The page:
Now in the past, egg freezing was considered experimental but slowly over time that label was removed from egg freezing. So ESRA in Europe was the first one to remove that experimental label back in 2012 from egg freezing. ASRM in the US followed about a year after that. So egg freezing was no longer considered experimental in the US in 2013 and then Canada followed last. So CFAS removed that label in 2014 and we’ve seen a steady increase in women pursuing egg freezing kind of since that time. It’s become more and more popular and we’ve — I’m sure you guys have seen it in practice as well — we have definitely seen an increase in popularity in egg freezing in our practices. Now the idea behind egg freezing, it’s essentially exactly the same as an IVF cycle just with egg freezing.
Dr. Greenberg (25:29):
We’re stopping at an earlier step compared to a couple doing IVF for the purpose of trying to get pregnant. So it involves stimulation and an egg retrieval to remove the eggs from the ovaries. We then freeze whatever mature eggs we’re able to extract from the ovaries and then women can use them at a later date. The real benefit of egg freezing is that once the eggs are frozen they retain their quality. So if a woman is going to freeze eggs at a younger age and she decides to come back and use them 10 years later, the success rate of fertility treatment is going to be the same as when she froze the eggs. So as an example, if a woman freezes eggs at 33, she comes back to use those eggs at 40, her natural fertility will be decreased purely based on her age, but using those frozen eggs, she’s going to retain the same success rate as a 33-year-old using those eggs.
Dr. Greenberg (26:18):
So they do not age with women over time and they can be stored forever. There’s no expiry date for egg freezing in our lab. They can basically be frozen for however long women want to freeze them for. Some women never come back and use their eggs if they’re actually able to get pregnant on their own, but we can keep them for as long as women want to. Now in terms of reasons to freeze eggs, as you can see here, there are a lot of reasons why people decide to freeze eggs but by far the number one reason is either women do not have a partner or they don’t have the right partner and they want to preserve their fertility for the future. Other very common reasons are things like educational goals or career goals or sometimes just personal goals. They don’t feel ready to have a family and they want to delay that family building until later on, potentially when their natural fertility is going to be much lower.
Dr. Greenberg (27:07):
Other medical conditions, why women might choose to freeze eggs, things like endometriosis which we know will be associated with subfertility or infertility. If they have a family history of early menopause, if they have any like chronic medical conditions or genetic conditions, they might choose to freeze eggs for example if they want to test embryos in the future before transfer. Sometimes other medical conditions like oncology patients might want to freeze eggs before they do any kind of chemotherapy, which we know can be toxic. We don’t actually offer oncology at TRIIO, but many other fertility centers will offer this for oncology patients. And also increasing in popularity are patients undergoing gender transition. So they want to freeze their eggs before doing any kind of hormonal therapy or Lupron even to suppress regular cycles to freeze eggs before they start any hormone treatment to retain their fertility. For some people egg freezing does offer them the ability to preserve fertility, without the ethical or sometimes religious dilemma of freezing embryos.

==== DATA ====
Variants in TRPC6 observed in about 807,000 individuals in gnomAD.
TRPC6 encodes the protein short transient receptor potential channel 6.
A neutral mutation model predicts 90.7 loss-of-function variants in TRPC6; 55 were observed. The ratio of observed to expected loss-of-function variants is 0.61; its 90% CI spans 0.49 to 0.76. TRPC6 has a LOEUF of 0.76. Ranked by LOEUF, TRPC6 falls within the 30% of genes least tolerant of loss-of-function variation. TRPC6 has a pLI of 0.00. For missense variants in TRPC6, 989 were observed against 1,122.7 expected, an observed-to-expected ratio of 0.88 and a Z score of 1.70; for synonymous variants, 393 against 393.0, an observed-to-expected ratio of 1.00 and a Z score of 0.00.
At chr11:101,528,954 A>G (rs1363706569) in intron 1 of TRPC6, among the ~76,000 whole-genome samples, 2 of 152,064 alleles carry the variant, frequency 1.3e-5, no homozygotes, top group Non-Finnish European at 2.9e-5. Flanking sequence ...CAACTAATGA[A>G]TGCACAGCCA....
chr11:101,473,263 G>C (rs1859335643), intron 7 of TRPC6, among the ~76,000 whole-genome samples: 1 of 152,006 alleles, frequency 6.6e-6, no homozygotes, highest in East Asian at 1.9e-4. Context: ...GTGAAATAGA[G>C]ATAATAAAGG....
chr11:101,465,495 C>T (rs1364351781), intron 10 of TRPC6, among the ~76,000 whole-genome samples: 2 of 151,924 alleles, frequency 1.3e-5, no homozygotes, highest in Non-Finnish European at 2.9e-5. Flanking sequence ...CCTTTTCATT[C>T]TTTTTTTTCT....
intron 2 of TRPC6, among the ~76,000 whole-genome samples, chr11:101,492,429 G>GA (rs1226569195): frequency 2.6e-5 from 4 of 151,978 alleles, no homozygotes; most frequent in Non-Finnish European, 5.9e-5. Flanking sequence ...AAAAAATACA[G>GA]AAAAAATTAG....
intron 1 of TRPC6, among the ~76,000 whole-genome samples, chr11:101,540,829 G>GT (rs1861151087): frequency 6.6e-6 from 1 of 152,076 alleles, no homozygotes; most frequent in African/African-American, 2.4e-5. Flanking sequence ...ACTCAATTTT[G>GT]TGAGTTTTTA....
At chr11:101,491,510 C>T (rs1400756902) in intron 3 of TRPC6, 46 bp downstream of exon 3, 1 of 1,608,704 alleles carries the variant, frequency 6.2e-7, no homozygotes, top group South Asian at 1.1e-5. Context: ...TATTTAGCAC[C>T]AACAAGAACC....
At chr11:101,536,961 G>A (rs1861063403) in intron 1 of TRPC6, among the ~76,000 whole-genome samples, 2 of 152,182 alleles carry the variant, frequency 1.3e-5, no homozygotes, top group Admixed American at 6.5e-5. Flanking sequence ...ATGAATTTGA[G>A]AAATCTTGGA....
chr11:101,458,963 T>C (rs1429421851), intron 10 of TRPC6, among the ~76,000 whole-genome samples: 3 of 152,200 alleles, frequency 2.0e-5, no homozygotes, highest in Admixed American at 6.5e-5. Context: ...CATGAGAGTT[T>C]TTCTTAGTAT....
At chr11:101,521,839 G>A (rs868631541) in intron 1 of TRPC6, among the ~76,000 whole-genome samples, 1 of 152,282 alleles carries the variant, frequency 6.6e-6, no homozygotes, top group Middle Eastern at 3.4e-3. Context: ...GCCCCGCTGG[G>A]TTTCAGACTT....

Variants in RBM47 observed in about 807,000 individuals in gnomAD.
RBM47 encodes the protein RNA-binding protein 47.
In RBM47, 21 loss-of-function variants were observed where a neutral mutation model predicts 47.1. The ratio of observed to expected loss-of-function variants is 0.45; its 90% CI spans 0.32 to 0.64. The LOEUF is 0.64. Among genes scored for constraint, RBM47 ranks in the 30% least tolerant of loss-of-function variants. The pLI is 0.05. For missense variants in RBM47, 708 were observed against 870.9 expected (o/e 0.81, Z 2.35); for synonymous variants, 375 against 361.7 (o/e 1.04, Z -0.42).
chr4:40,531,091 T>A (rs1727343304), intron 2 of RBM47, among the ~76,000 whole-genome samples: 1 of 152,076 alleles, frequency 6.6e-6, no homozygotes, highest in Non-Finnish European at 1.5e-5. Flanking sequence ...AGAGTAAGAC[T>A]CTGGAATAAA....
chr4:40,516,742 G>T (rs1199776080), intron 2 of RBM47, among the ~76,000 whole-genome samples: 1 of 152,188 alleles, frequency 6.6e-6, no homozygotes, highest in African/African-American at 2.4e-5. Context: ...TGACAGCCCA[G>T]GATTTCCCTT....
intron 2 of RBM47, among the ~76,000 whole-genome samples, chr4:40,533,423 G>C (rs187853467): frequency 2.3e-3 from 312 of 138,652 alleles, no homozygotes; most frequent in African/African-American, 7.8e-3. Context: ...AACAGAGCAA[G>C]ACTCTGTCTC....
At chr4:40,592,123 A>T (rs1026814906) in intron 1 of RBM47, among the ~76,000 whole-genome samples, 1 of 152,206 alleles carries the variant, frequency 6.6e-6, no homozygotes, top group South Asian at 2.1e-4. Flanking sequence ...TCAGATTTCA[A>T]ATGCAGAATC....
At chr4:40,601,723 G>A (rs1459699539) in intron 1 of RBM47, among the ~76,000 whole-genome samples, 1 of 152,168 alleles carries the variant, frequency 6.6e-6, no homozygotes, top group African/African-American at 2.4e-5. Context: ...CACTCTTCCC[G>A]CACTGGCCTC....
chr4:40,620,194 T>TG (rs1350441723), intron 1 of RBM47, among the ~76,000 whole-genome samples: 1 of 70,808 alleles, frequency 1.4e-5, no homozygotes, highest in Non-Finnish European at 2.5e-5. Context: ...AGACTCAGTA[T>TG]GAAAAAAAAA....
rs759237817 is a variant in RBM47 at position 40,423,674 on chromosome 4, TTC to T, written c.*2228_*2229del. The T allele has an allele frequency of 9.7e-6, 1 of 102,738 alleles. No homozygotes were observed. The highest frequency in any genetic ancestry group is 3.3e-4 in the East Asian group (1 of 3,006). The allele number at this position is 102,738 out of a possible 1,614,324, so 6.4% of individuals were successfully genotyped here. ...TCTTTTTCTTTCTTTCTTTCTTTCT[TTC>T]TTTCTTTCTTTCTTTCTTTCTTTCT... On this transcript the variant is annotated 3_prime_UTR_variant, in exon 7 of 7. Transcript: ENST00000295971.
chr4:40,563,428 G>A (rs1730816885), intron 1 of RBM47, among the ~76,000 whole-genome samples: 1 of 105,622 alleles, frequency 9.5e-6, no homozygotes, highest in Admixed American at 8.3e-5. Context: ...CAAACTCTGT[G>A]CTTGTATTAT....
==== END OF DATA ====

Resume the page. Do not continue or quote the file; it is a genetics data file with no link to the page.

Dr. Greenberg (28:07):
So not everybody feels comfortable freezing embryos they have, they feel more comfortable freezing eggs and also if someone wants to retain their autonomy in the future. So for example, if they have a partner right now but they’re not sure that’s the partner that they want to try and conceive with, it allows them to retain their reproductive autonomy so they don’t necessarily have to freeze embryos with their partner, which would then legally belong to both them and their partner. Freezing eggs allows them to make decisions on their own about the eggs without their partner in the future.
Dr. Greenberg (28:39):
So in terms of the process, very similar to an IVF cycle, we use injectable hormone medications which essentially consist of both FSH and LH. Those injectable hormones stimulate multi follicular growth. So we’re hoping for a group of follicles developing at a time so that we can extract them later. The average time that women are doing fertility injections are about 10 to 12 days, could be a day or so less could be a little bit more. Everything is really dependent on how any individual person responds to stimulation, but the average time is about 10 to 12 days while they’re doing those injections. We do monitoring, so basic cycle monitoring, blood work and ultrasounds every couple days in the mornings just to monitor response and allow us to time the egg retrieval appropriately. We also add on a GnRH antagonist to suppress ovulation until egg retrieval.
Dr. Greenberg (29:28):
So we don’t want ovaries releasing the eggs, we want to keep them in the ovaries until the time of retrieval. The egg retrieval happens in our clinic. It’s a minimally invasive procedure. It’s done completely guided by a transvaginal ultrasound. Takes 20 or 30 minutes or so, it’s really not very long and it’s done under conscious sedation. [After the retrieva], they hang out in our recovery area up to an hour or so and they go home the same day. So it’s really not too long and there’s no overnight stay or anything like that. Generally people feel a little bit uncomfortable for about a day or so. They’re generally starting to go back to their regular activities after about a day or two after egg retrieval.
Dr. Greenberg (30:09):